[ Main ] Educator's Guide
Outreach Initiatives
[ Site Map ]
Geology | Lehigh River Watershed Explorations | Weather | Environmental Issues | Data Collection Activities

Settlement in Catasauqua began in 1752 when the first grist mill was built on Race Street. In 1801, this settlement was called Briery’s Port after Frederick and Henry Briery, who purchased the grist mill. The name then became Craneville in 1839 in honor of the Crane Iron Works. This changed once again to Catasauqua in 1846 because mail was accidentally being sent to Craneville, NJ. The name of Catasauqua remains today.
Catasauqua was a highly industrialized town in its early days. As already mentioned, Crane Iron Works was located in Catasauqua. In 1840, David Thomas discovered that the water power of the canal could be used to provide energy for the blast furnaces in the Crane Iron Works. This signaled the beginning of the Industrial Revolution in America. The Dery Silk Mill was also a prominent business in Catasauqua. It was known for its silk production from 1897 to1923. The company went under due to competing prices from China. Catasauqua was also the home to various other companies, including the Davies and Thomas Company (manufacturer of tunnel lining) and the Catasauqua Manufacturing Company (manufacturer of armor plate for vessels).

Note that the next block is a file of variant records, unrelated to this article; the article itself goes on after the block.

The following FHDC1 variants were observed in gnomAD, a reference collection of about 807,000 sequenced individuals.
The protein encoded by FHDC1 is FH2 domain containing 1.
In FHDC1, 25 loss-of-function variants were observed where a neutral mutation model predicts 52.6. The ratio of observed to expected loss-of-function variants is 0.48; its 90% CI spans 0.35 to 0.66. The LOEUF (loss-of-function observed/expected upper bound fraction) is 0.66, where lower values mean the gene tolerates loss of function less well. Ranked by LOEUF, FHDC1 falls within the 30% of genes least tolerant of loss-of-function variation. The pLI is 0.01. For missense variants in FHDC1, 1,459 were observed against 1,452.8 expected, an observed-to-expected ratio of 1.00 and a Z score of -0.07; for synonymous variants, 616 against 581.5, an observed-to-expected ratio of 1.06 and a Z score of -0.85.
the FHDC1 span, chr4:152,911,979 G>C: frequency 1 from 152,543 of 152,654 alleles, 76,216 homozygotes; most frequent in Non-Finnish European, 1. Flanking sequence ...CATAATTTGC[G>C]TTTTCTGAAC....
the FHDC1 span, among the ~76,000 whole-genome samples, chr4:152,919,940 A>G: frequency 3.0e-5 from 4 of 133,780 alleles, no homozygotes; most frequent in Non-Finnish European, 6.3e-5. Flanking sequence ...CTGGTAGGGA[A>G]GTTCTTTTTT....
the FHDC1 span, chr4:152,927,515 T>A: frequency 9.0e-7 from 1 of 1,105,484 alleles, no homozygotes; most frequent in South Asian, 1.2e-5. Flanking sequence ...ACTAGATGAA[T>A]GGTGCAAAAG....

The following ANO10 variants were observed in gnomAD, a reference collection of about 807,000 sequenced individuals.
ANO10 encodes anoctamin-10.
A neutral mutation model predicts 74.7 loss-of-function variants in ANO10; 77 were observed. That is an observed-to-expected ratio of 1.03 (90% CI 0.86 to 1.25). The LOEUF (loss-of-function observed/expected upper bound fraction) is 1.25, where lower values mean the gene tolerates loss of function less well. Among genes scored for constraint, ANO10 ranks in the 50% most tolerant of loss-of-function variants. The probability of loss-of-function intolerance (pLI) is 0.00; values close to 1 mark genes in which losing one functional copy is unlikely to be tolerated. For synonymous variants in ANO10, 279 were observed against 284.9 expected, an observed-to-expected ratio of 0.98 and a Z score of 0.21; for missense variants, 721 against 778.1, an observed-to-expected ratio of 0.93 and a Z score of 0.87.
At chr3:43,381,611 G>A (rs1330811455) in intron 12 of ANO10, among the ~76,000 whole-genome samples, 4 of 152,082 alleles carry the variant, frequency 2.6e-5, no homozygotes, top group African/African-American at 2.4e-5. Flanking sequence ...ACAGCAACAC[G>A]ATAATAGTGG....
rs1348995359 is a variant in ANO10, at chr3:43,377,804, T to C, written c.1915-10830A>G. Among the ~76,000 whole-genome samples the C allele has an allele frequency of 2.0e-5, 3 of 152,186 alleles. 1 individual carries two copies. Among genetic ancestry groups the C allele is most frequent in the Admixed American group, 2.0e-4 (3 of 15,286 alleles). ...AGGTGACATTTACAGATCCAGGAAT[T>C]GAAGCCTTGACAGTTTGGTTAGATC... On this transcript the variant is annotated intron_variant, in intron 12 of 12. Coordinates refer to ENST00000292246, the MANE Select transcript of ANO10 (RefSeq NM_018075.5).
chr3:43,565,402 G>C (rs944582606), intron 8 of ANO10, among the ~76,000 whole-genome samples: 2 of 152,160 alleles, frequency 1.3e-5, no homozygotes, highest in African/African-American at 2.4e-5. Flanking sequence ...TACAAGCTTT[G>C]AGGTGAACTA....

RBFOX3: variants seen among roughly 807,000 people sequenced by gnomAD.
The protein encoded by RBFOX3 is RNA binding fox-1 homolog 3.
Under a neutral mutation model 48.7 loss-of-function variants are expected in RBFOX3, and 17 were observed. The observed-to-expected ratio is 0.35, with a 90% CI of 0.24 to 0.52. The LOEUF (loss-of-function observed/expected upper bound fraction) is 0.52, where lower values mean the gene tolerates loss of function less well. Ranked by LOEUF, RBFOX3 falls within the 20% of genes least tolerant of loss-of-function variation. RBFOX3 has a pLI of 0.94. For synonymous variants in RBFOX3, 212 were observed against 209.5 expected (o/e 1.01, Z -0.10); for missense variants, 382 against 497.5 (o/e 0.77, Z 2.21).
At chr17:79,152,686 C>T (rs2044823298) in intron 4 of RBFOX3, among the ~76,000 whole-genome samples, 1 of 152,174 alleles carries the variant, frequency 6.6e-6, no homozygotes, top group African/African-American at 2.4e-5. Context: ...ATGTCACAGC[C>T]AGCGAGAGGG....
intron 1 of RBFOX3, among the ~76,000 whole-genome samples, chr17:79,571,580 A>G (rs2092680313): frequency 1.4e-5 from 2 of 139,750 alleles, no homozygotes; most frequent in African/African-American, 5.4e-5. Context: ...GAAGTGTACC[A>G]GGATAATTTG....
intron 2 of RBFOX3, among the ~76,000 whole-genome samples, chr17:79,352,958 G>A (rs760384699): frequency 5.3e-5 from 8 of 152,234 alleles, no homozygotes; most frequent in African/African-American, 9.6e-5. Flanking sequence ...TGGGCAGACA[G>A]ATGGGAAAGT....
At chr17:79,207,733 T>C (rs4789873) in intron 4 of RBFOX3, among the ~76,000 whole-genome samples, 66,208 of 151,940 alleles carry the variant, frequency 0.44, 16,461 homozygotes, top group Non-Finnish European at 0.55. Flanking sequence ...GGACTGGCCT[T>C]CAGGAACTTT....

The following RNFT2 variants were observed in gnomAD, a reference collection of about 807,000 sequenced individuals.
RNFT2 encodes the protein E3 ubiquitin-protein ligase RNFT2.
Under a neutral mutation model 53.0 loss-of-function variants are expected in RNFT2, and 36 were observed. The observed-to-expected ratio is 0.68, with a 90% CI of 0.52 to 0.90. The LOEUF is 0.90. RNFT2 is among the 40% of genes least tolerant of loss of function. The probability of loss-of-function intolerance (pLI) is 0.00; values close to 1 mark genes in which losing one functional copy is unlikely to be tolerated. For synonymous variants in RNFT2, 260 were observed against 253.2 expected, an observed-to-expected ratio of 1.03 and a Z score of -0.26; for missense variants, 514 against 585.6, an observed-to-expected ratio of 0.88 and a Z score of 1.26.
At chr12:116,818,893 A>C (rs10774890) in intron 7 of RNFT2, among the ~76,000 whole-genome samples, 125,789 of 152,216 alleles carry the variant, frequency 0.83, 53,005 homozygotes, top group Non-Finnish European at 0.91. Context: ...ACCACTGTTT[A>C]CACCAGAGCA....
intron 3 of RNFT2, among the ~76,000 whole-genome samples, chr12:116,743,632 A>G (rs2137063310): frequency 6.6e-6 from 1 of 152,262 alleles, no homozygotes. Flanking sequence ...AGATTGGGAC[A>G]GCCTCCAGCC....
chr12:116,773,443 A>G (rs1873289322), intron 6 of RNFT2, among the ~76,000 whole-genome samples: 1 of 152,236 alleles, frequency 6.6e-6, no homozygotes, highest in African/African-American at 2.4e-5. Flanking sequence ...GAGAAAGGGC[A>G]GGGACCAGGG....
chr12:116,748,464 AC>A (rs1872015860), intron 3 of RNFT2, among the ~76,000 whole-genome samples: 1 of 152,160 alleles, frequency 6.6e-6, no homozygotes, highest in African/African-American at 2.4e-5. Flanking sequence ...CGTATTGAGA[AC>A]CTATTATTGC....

The town of Catasauqua is proudly referred to as "The Million Dollar Town" by its citizens. During World War I, the US government forced towns to help finance the war through the sail of stamps and bonds. Catasauqua was the first town to raise $1,000,000 in the United States.
The canal did not begin to affect the town of Catasauqua until 1840, when David Thomas discovered that water power could be used to provide energy for a blast furnace. This meant that anthracite coal could be used to make iron. The canal was destroyed through the years by a series of floods. Today, restoration of the Catasauqua section of the canal remains something for the future (Burkhardt and Gemmel, 1992).


The Basics of the Lehigh River | Early Life along the Lehigh River | The Canal | Cities on the Lehigh River | Industry

Curricular Activities | Lehigh River Photojournal | Water Quality | GIS | History | River Exploration | Fast Facts
LEO EnviroSci Inquiry is brought to you by the Lehigh Environmental Initiative at Lehigh University.
Copyright ©2000-2011 Lehigh Environmental Initiative at Lehigh University. All rights reserved.